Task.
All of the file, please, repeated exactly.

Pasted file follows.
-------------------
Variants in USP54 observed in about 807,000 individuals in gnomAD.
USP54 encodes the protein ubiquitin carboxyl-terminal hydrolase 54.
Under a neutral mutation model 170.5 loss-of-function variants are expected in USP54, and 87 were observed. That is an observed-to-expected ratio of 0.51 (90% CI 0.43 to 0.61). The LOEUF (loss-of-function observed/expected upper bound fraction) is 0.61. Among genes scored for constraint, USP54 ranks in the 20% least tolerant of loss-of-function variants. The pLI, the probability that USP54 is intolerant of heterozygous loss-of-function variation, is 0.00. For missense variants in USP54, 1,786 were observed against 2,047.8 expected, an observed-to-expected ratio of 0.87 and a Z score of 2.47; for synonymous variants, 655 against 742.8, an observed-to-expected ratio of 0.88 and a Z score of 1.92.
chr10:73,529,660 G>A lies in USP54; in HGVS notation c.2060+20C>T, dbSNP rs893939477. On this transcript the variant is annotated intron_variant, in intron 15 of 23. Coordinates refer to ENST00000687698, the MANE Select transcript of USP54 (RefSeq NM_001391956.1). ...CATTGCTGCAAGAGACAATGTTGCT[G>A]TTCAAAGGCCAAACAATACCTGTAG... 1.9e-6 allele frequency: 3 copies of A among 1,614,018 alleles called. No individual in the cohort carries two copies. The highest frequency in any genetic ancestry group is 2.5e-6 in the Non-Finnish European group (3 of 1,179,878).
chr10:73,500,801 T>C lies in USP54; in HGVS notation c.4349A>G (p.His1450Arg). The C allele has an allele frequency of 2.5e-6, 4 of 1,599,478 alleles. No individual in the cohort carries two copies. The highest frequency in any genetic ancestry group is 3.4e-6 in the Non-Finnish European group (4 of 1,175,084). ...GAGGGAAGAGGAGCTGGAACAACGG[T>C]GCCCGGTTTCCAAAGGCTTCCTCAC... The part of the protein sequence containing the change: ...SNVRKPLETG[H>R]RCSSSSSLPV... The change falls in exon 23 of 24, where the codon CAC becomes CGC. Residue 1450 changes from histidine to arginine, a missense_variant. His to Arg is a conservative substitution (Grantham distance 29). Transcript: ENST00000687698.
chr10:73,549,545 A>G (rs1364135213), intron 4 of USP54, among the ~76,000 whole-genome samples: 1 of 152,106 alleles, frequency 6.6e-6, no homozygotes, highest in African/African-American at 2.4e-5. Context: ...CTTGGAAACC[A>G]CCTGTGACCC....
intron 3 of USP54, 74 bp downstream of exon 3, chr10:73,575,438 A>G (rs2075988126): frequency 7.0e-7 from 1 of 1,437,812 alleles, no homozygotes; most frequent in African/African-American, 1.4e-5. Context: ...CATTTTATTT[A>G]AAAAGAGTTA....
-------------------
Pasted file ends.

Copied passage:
Variants in USP54 observed in about 807,000 individuals in gnomAD.
USP54 encodes the protein ubiquitin carboxyl-terminal hydrolase 54.
Under a neutral mutation model 170.5 loss-of-function variants are expected in USP54, and 87 were observed. That is an observed-to-expected ratio of 0.51 (90% CI 0.43 to 0.61). The LOEUF (loss-of-function observed/expected upper bound fraction) is 0.61. Among genes scored for constraint, USP54 ranks in the 20% least tolerant of loss-of-function variants. The pLI, the probability that USP54 is intolerant of heterozygous loss-of-function variation, is 0.00. For missense variants in USP54, 1,786 were observed against 2,047.8 expected, an observed-to-expected ratio of 0.87 and a Z score of 2.47; for synonymous variants, 655 against 742.8, an observed-to-expected ratio of 0.88 and a Z score of 1.92.
chr10:73,529,660 G>A lies in USP54; in HGVS notation c.2060+20C>T, dbSNP rs893939477. On this transcript the variant is annotated intron_variant, in intron 15 of 23. Coordinates refer to ENST00000687698, the MANE Select transcript of USP54 (RefSeq NM_001391956.1). ...CATTGCTGCAAGAGACAATGTTGCT[G>A]TTCAAAGGCCAAACAATACCTGTAG... 1.9e-6 allele frequency: 3 copies of A among 1,614,018 alleles called. No individual in the cohort carries two copies. The highest frequency in any genetic ancestry group is 2.5e-6 in the Non-Finnish European group (3 of 1,179,878).
chr10:73,500,801 T>C lies in USP54; in HGVS notation c.4349A>G (p.His1450Arg). The C allele has an allele frequency of 2.5e-6, 4 of 1,599,478 alleles. No individual in the cohort carries two copies. The highest frequency in any genetic ancestry group is 3.4e-6 in the Non-Finnish European group (4 of 1,175,084). ...GAGGGAAGAGGAGCTGGAACAACGG[T>C]GCCCGGTTTCCAAAGGCTTCCTCAC... The part of the protein sequence containing the change: ...SNVRKPLETG[H>R]RCSSSSSLPV... The change falls in exon 23 of 24, where the codon CAC becomes CGC. Residue 1450 changes from histidine to arginine, a missense_variant. His to Arg is a conservative substitution (Grantham distance 29). Transcript: ENST00000687698.
chr10:73,549,545 A>G (rs1364135213), intron 4 of USP54, among the ~76,000 whole-genome samples: 1 of 152,106 alleles, frequency 6.6e-6, no homozygotes, highest in African/African-American at 2.4e-5. Context: ...CTTGGAAACC[A>G]CCTGTGACCC....
intron 3 of USP54, 74 bp downstream of exon 3, chr10:73,575,438 A>G (rs2075988126): frequency 7.0e-7 from 1 of 1,437,812 alleles, no homozygotes; most frequent in African/African-American, 1.4e-5. Context: ...CATTTTATTT[A>G]AAAAGAGTTA....